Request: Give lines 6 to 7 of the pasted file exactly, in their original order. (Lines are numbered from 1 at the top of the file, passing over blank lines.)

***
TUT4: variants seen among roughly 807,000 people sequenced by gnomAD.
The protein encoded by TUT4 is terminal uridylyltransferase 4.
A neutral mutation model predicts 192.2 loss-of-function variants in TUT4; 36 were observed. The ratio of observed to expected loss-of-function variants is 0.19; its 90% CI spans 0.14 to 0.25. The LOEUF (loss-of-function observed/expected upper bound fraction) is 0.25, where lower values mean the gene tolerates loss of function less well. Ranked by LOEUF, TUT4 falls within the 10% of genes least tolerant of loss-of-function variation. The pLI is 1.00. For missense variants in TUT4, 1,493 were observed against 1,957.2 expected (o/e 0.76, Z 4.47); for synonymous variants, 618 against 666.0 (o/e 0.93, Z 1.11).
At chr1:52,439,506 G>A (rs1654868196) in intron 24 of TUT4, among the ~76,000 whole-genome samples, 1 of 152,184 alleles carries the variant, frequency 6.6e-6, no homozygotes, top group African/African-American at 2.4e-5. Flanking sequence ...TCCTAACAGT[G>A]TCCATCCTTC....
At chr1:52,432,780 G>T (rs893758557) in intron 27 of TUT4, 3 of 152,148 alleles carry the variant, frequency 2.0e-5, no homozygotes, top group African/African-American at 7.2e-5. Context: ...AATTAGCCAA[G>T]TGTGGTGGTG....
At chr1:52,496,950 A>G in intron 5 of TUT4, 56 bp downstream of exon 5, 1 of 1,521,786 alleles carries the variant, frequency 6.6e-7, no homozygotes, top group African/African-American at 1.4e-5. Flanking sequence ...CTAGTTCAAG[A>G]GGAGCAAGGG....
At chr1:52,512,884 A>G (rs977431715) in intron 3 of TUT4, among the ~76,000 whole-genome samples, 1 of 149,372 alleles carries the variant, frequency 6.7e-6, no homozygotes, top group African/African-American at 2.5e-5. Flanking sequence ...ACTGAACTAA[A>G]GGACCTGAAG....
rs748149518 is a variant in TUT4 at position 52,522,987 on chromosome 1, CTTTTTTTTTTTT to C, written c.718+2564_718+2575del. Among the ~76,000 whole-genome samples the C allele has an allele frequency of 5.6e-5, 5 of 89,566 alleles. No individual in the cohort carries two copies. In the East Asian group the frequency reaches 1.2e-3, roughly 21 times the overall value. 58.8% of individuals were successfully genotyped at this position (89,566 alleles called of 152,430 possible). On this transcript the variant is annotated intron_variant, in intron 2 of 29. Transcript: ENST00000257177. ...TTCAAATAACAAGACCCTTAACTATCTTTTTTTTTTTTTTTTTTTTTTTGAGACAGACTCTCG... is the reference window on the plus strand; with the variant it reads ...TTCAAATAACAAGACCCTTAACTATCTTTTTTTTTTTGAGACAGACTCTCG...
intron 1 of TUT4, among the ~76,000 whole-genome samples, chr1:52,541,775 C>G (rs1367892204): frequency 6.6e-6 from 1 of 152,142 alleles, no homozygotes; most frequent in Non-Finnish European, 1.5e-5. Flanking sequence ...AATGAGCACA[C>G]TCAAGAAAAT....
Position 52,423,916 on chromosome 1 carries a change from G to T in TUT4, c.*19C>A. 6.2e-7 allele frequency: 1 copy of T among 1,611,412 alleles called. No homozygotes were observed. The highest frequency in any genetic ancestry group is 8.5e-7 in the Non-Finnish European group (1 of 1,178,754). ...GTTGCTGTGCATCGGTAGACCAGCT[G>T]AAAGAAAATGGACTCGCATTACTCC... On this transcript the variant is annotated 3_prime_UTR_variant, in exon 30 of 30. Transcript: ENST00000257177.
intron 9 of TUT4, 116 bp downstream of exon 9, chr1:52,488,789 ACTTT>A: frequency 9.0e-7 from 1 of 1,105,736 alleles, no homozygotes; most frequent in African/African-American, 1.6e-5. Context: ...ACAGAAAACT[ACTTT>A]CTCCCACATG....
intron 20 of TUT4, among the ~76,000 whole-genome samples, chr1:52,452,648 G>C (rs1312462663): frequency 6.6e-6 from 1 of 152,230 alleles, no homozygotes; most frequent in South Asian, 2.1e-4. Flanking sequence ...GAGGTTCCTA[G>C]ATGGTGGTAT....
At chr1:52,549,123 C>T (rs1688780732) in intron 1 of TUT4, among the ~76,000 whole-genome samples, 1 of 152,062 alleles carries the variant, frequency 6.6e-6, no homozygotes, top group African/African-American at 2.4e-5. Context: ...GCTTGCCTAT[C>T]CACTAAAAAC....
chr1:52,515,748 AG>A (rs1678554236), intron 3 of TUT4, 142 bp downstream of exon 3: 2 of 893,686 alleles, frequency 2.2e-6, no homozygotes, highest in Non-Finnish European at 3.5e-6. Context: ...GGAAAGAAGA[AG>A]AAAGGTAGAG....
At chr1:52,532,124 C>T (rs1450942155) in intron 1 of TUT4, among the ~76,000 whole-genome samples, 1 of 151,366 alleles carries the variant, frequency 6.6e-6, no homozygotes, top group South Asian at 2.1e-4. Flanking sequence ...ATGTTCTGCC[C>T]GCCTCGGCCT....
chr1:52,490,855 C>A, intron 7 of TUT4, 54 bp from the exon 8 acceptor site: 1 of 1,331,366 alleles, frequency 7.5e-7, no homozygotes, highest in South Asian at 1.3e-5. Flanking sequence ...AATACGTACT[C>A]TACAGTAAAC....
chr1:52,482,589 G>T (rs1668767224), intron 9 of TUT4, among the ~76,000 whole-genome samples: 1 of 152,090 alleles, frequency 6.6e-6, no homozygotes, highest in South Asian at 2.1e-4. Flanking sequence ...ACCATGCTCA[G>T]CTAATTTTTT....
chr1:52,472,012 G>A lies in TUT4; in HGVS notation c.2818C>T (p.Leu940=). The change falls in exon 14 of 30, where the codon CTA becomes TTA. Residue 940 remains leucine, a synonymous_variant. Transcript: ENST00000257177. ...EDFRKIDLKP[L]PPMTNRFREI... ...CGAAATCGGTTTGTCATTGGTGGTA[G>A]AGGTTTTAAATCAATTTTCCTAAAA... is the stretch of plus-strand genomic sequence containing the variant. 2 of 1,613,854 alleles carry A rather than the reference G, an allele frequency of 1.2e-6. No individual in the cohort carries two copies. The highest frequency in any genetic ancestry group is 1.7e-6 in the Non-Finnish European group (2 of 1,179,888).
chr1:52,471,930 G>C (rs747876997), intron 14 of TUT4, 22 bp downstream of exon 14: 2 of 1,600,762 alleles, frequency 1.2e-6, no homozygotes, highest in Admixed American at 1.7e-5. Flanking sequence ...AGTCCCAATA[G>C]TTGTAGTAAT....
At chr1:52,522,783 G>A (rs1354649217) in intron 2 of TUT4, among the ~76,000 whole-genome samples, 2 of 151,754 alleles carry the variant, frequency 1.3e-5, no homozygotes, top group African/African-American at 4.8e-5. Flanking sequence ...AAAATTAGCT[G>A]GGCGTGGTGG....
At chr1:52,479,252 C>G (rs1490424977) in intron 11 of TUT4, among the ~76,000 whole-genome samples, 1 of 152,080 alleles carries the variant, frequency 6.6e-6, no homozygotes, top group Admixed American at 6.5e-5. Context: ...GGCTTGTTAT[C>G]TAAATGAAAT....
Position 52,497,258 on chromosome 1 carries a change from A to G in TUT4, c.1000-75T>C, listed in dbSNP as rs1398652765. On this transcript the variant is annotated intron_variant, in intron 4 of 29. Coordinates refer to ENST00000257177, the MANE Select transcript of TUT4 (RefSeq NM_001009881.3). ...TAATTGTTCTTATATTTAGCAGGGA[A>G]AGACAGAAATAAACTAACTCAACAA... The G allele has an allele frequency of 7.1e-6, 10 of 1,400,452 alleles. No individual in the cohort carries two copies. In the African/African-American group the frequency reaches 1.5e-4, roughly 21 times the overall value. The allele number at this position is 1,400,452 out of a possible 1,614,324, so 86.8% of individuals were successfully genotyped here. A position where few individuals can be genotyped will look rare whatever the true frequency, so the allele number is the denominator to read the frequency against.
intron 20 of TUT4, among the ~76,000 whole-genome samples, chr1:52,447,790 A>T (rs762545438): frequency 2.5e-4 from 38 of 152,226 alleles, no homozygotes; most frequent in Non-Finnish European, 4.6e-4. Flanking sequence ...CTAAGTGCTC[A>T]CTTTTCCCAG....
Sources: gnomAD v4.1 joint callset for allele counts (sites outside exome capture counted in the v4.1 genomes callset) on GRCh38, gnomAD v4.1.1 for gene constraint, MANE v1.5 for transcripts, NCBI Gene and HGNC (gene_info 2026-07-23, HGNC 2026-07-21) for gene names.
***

At chr1:52,496,950 A>G in intron 5 of TUT4, 56 bp downstream of exon 5, 1 of 1,521,786 alleles carries the variant, frequency 6.6e-7, no homozygotes, top group African/African-American at 1.4e-5. Flanking sequence ...CTAGTTCAAG[A>G]GGAGCAAGGG....
At chr1:52,512,884 A>G (rs977431715) in intron 3 of TUT4, among the ~76,000 whole-genome samples, 1 of 149,372 alleles carries the variant, frequency 6.7e-6, no homozygotes, top group African/African-American at 2.5e-5. Flanking sequence ...ACTGAACTAA[A>G]GGACCTGAAG....